When looking at a movie as a critic, you have to judge each film on its own terms. Using the same yardstick for everything will just wind up with a reviewer doing that thing readers love to hate about movie critics: anything with subtitles and complicated characters — good. Anything with explosions, chesty heroines and gunplay — bad.
In the case of “Sahara,” this theory of relativity is advice to live by. This isn’t “Remains of the Day,” but at the same time, it’s not trying to be. With lots of action, a swarthy French villain and plenty of stuff getting the bad end of modern explosive technology, “Sahara” does what it’s supposed to do, which is help empty your popcorn bucket.
The plot isn’t new, but it’s done with style. Matthew McConaughey plays Dirk Pitt, a former Navy special forces guy who now works for the National Underwater Marine Agency. Along with his comic relief/sidekick Al (Steve Zahn), Dirk lives the life of a treasure hunter, going around the world looking for sunken riches. The one treasure he’s never found, however, might just be a pipe dream: an 1860s ironclad, laden with the gold of the Confederate treasury. Soon after the film begins, Dirk gets a tip that the ship might actually be in Africa, having sailed across the Atlantic and up a river that went dry in the years after the ship disappeared. Headed to check out this tip, Dirk and Al pick up a doctor with the World Heath Organization (Penelope Cruz) and agree to take her upriver, where an outbreak of a strange disease is killing the natives. There, they find the solar-powered toxic waste incinerator of the aforementioned swarthy Frenchman (Lambert Wilson), and a whole heap of trouble.
Matthew McConaughey is good here in a role that builds on his talents — good looks, a Cheshire cat grin and ability to stare into the camera with that look that says he’s both totally in control and scared out of his gourd. Too, unlike the year’s earlier treasure-hunting dud, “National Treasure,” “Sahara” sticks to the basics, refusing to get bogged down in the idiotic coincidences and unexplainable leaps of intuition that made “National Treasure” so hard to swallow.
Here, things get blown up, sure. But by keeping to the strong central hook of “Will he find the ship or not?” (and, in the case of the subplot, will Cruz find the source of the disease or not?), “Sahara” reaches the whiz-bang simplicity of an old-time Saturday serial. In this world of overwritten and over-thought action movies, such simplicity is more than welcome.
— By David Koon
This lover of the South has deep problems with the Hollywood South. You know: that phantom region where nobody got the word about air conditioning, all the doctors still wear white linen suits, the sheriffs are all fat and racist, and everybody — from Key West to West Arkansas — speaks in that lilting, Scarlett O’Hara accent (unless they’re a no-count, in which case they say stuff like “you’ins” through their missing teeth and think a belch is a punctuation mark).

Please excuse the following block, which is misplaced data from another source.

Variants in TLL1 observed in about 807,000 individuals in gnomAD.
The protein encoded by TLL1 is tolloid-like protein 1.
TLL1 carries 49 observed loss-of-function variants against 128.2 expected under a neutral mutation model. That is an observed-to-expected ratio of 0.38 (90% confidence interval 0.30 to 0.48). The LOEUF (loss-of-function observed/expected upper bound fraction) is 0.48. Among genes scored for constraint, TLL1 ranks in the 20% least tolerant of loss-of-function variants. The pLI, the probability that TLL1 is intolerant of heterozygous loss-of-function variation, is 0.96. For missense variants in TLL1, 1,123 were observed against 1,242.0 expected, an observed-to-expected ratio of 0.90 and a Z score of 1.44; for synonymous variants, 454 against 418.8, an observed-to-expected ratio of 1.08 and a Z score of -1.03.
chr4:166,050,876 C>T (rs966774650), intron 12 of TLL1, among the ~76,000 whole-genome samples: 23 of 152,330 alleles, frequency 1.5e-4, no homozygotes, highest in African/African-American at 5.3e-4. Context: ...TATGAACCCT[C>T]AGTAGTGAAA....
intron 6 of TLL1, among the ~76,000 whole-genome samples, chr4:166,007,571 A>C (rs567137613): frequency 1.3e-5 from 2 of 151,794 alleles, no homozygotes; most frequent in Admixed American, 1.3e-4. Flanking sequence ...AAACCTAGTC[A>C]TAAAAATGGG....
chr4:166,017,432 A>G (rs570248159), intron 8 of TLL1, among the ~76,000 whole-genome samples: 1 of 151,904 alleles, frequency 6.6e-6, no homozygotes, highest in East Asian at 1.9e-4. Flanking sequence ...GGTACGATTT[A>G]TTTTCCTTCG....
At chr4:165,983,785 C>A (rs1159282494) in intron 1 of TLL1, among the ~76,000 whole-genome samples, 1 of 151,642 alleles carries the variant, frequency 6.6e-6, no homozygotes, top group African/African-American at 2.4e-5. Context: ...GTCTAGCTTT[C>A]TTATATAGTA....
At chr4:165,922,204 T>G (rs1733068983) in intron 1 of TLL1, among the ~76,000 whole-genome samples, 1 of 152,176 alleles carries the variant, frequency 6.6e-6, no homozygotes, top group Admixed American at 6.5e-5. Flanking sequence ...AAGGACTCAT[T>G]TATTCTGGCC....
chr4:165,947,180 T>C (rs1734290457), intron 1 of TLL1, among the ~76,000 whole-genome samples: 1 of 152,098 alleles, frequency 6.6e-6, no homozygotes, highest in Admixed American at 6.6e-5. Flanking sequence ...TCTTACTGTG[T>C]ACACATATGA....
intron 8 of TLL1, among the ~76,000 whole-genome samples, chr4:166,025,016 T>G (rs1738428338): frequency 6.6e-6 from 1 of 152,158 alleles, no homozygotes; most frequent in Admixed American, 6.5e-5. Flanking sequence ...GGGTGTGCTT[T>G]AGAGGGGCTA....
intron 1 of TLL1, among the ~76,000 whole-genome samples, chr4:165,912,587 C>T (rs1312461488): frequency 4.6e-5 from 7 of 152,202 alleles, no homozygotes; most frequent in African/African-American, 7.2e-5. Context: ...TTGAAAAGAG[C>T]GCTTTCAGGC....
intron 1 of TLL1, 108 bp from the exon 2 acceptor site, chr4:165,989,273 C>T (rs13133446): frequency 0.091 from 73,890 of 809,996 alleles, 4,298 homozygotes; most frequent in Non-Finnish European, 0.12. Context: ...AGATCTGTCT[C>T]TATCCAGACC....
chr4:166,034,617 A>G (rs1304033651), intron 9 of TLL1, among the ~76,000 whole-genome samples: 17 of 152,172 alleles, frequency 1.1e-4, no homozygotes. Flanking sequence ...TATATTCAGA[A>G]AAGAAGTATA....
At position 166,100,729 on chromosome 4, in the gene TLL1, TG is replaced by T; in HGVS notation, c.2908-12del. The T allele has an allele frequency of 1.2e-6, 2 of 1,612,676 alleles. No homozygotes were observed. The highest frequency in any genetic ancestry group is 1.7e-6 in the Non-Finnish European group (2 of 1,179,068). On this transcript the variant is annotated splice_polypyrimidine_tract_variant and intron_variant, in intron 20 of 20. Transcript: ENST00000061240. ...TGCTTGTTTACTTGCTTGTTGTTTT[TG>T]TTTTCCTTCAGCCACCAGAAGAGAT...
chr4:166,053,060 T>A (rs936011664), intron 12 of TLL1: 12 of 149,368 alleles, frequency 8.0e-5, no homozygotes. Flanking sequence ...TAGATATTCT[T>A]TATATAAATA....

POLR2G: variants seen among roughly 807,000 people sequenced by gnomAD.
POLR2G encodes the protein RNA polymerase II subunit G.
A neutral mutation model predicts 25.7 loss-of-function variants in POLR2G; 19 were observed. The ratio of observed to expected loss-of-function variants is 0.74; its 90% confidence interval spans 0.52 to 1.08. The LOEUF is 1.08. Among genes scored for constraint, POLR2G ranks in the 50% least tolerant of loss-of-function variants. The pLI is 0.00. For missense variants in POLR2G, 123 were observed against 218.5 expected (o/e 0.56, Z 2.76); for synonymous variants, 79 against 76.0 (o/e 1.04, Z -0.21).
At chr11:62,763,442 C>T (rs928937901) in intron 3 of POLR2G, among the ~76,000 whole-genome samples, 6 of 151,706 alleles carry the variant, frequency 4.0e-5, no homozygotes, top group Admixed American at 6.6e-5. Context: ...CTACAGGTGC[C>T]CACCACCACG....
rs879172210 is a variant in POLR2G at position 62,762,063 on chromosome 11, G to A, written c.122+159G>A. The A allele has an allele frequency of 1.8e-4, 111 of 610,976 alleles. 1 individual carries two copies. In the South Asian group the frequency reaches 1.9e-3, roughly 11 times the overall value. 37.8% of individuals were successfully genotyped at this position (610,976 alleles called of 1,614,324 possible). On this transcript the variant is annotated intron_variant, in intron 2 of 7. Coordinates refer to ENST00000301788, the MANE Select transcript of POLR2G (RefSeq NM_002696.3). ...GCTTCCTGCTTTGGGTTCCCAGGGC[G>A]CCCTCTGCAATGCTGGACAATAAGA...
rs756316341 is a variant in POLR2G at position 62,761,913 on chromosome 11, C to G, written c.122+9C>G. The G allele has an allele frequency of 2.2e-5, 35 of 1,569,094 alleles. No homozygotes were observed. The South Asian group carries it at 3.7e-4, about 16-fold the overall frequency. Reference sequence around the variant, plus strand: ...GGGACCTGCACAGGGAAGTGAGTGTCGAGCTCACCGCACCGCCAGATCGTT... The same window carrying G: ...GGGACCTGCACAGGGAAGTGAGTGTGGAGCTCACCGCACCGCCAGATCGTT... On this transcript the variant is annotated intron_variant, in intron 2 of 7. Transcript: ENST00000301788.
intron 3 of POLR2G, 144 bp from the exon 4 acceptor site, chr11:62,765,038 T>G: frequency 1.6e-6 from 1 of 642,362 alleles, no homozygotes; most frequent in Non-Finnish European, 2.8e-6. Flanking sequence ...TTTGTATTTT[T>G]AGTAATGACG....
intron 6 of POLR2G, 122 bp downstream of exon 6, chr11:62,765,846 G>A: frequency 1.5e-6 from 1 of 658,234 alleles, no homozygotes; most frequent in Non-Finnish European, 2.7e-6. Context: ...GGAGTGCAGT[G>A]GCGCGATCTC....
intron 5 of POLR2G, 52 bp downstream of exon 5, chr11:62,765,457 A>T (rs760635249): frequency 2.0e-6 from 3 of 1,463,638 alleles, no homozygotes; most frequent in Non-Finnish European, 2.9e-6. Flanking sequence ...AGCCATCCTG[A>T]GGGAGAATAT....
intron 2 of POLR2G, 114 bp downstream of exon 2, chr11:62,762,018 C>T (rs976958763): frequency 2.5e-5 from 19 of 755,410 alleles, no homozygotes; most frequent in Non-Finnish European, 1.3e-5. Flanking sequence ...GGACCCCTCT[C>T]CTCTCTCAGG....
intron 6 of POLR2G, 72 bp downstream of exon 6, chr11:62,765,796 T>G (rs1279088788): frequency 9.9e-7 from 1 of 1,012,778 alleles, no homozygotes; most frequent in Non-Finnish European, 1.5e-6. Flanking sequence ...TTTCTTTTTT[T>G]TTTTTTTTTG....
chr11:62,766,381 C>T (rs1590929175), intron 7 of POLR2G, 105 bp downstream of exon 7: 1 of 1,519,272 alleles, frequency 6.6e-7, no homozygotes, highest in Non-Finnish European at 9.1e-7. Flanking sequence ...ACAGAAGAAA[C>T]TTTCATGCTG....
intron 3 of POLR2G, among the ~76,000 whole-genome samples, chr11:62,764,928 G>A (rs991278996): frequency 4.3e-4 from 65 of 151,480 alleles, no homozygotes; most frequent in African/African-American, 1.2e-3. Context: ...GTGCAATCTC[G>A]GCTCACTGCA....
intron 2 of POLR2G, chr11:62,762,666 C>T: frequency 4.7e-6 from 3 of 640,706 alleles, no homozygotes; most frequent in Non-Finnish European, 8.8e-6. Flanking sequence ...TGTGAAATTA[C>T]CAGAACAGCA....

Given all that, it’s been nice in recent years to see Southerners make Southern movies. Mostly, I’m talking about Malvern native Billy Bob Thornton, who has made or appeared in a few great Southern flicks such as “Sling Blade” and “The Apostle.” After hearing Thornton was set to star in “Chrystal,” which filmed last year in Eureka Springs, I had high hopes for the project. The good news is that — with the exception of a few notable problems — “Chrystal” turns out to be an interesting little movie with an almost “Sling Blade” simplicity to it. A quiet film, full of guilt that’s passed from one character to the other by the eyes, it’s a worthy addition to the Southern genre.
Here, Billy Bob Thornton plays Joe, a pot-grower who crashes while running from the law; an accident that breaks the neck of his wife, Chrystal (Lisa Blount), and apparently kills his young son, though the child’s body is never found. After 20 years in prison (he served extra time for repeated escape attempts), Joe returns to the mountains to try to pick up where he left off. As always, however, coming home isn’t as easy as finding your driveway. While he was gone, Chrystal has become something of the town pump (the first time we see her is in the back seat of a Chrysler Cordoba having sex with a teen-age kid while his friends wait their turn outside). Too, Joe finds that his past comes looking for him in the guise of his old running buddy Snake (Ray McKinnon), who tries to force him back into the drug trade or else.
Thornton, as always, is great here in an understated role that’s a bit too close for comfort to his turn in “Levity” (where he played another guilt-ridden ex-con). Sadly, I wasn’t as impressed with the performance of another Arkansas native, Lisa Blount. In addition to Chrystal having her neck and spine fused — a trait which forces her to walk around like she has a board hot-glued to her back — Blount plays the character like she’s on a low dose of Thorazine. In scene after scene, she drags her lines out in a slumped-shouldered monotone, with long, breathy pauses between words and a dead glassiness to her eyes. Though I think this was supposed to represent the deadness she feels after losing her child — or maybe even that she is, in fact, on some industrial strength painkillers for her back injury — the net result is that she looks at all times like a woman roused from sleep by a wrong number.
Nevertheless, “Chrystal” is still a good movie, about the guilt we can’t leave behind and the redemption that only others can give us. While not living fully up to the promise of that storyline, it is a thought-provoking and authentically Southern film, one that any fan of good actors should see.
— By David Koon
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